|Publication number||US5405592 A|
|Application number||US 07/963,534|
|Publication date||Apr 11, 1995|
|Filing date||Oct 20, 1992|
|Priority date||Jul 24, 1990|
|Also published as||DE69126613D1, DE69126613T2, EP0540642A1, EP0540642A4, EP0540642B1, US5156830, WO1992001652A1|
|Publication number||07963534, 963534, US 5405592 A, US 5405592A, US-A-5405592, US5405592 A, US5405592A|
|Inventors||James P. Edler, Bohdan Lisowsky|
|Original Assignee||Eaton Corporation|
|Export Citation||BiBTeX, EndNote, RefMan|
|Patent Citations (9), Non-Patent Citations (6), Referenced by (10), Classifications (9), Legal Events (5)|
|External Links: USPTO, USPTO Assignment, Espacenet|
This is a continuation-in-part of application Ser. No. 557,582 filed on Jul. 24, 1990, now U.S. Pat. No. 5,156,830.
This invention relates to silicon nitride beta-phase materials. This application also relates to applications which were co-pending with the parent application entitled Process For Making Silicon Nitride Articles; Process For Preparing A Nitridable Silicon-Containing Material Having At Least One Densification Aid Including Alumina, And The Material Resulting Therefrom; New Ceramic Phase In Sintered Silicon Nitride Containing Cerium, Aluminum, And Iron; Process For Preparing A Densified Beta-Phase Silicon Nitride Material Having At Least One Densification Aid, And The Material Resulting Therefrom; Process For Nitriding Silicon-Containing Materials; and Process For Preparing A Base Nitridable Silicon-Containing Material And The Material Resulting Therefrom, filed on the same day herewith, the same are also incorporated herein by reference.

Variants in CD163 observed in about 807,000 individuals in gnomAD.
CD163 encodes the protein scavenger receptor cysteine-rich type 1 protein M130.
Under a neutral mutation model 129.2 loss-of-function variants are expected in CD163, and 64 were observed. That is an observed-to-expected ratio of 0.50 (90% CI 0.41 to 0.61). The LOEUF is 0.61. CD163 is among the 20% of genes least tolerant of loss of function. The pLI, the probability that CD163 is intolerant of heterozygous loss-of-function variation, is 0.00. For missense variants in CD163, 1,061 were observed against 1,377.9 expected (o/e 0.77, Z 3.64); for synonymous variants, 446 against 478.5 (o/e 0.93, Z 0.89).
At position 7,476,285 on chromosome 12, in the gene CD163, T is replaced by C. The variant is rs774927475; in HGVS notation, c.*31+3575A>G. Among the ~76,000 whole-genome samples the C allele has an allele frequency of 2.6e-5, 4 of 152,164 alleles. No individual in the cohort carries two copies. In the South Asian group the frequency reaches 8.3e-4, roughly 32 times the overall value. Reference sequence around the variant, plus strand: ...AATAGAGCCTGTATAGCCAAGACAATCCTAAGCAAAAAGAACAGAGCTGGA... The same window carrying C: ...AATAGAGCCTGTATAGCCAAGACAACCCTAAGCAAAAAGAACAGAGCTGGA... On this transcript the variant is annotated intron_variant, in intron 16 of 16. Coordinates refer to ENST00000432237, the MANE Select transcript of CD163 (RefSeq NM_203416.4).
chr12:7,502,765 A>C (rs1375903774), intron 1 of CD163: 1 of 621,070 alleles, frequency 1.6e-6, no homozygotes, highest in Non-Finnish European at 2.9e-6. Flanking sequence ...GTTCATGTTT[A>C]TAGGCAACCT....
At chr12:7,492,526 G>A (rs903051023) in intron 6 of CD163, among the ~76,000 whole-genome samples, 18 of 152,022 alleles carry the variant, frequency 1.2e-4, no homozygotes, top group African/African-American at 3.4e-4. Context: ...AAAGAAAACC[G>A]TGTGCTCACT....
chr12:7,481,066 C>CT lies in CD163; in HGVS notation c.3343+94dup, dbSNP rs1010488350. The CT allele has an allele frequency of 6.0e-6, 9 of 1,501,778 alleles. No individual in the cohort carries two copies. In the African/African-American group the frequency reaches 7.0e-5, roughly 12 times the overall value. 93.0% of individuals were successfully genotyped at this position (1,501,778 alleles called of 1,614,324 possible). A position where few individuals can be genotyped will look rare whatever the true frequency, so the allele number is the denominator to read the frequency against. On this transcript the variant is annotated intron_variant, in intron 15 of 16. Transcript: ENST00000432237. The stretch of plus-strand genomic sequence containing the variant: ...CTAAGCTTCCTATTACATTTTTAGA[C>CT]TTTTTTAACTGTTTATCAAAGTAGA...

Alpha-phase silicon nitride material has been made in a variety of ways, most of them expensive, time and labor intensive. It is desirable to produce a high alpha-phase content silicon nitride from an inexpensive starting material in order to be later processed into various products. For some applications, such as refractory products, it is advantageous to convert the alpha-phase silicon nitride material to beta-phase silicon nitride material. Beta-phase material may either be in the form of densified or non-densified silicon nitride. To densify silicon nitride material, there generally is a requirement for the inclusion of densification aids, or liquid forming agents. To form non-densified beta-phase, densifying agents would be present in the alpha-phase silicon nitride body, however the body would not be heated to a sufficient temperature for a sufficient time to cause complete densification.
Heat treatment of the alpha silicon nitride above 1450° C. can result in either densified or non-densified beta-phase material. In order for the alpha-phase material to be sintered and converted into densified beta-phase material, either densification aids or liquid forming agents must be included in the alpha-silicon nitride body before the sintering temperature is reached and maintained for a sufficiently long time to sinter the material. The presence of liquid forming agents in silicon nitride bodies are well known to decrease their high temperature strength. There are some applications, particularly as refractories, for which a beta-phase material without liquid forming agents would be desirable.